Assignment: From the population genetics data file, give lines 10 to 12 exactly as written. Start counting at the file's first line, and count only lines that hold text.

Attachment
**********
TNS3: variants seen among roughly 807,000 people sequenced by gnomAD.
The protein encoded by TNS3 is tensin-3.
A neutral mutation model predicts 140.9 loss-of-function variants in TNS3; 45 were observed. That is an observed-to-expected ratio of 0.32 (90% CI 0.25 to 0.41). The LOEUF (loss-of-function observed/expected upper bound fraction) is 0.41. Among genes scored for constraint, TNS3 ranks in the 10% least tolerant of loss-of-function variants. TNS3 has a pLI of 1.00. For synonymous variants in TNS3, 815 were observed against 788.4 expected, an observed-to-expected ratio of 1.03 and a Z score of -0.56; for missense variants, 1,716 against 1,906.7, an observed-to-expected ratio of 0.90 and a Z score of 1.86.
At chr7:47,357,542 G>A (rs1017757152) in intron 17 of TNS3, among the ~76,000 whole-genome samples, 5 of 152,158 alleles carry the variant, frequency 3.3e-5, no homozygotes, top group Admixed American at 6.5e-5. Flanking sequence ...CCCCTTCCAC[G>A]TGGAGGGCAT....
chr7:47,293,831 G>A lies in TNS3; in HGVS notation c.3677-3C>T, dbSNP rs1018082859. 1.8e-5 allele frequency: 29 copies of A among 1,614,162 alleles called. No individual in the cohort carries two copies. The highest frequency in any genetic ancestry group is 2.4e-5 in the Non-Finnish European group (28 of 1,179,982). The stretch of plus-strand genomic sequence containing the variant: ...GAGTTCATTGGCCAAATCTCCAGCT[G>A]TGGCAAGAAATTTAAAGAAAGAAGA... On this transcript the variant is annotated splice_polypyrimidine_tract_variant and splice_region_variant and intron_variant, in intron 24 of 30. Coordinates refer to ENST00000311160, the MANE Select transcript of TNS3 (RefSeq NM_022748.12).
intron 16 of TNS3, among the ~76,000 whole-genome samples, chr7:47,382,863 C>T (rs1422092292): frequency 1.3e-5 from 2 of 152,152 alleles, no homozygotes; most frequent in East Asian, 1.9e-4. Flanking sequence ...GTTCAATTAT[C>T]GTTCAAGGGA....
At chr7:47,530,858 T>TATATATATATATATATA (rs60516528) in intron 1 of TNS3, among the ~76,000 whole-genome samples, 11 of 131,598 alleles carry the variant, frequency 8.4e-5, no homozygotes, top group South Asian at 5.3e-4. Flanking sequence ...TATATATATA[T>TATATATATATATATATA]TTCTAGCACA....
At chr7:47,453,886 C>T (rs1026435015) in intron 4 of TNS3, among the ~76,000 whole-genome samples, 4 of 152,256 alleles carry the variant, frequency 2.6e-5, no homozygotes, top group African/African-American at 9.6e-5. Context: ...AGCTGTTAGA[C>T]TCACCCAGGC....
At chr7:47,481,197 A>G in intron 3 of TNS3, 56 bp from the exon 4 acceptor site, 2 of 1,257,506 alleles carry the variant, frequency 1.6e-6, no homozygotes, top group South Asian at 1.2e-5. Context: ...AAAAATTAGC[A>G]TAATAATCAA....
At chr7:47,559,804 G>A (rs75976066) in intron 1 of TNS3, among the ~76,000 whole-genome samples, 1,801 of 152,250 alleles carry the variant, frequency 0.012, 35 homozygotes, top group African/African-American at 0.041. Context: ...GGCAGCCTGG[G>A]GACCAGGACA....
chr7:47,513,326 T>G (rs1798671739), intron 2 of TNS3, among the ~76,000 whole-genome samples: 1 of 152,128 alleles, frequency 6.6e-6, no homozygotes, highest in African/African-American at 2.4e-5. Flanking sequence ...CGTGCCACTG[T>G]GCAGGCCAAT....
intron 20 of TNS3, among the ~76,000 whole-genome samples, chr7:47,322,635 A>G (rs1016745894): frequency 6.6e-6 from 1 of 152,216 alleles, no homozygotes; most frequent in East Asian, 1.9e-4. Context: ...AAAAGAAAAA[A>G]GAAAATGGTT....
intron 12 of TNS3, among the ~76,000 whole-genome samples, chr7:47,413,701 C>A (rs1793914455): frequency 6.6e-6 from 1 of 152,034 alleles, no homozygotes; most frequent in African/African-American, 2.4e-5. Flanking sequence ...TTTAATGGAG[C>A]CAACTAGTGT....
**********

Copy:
At chr7:47,559,804 G>A (rs75976066) in intron 1 of TNS3, among the ~76,000 whole-genome samples, 1,801 of 152,250 alleles carry the variant, frequency 0.012, 35 homozygotes, top group African/African-American at 0.041. Context: ...GGCAGCCTGG[G>A]GACCAGGACA....
chr7:47,513,326 T>G (rs1798671739), intron 2 of TNS3, among the ~76,000 whole-genome samples: 1 of 152,128 alleles, frequency 6.6e-6, no homozygotes, highest in African/African-American at 2.4e-5. Flanking sequence ...CGTGCCACTG[T>G]GCAGGCCAAT....
intron 20 of TNS3, among the ~76,000 whole-genome samples, chr7:47,322,635 A>G (rs1016745894): frequency 6.6e-6 from 1 of 152,216 alleles, no homozygotes; most frequent in East Asian, 1.9e-4. Context: ...AAAAGAAAAA[A>G]GAAAATGGTT....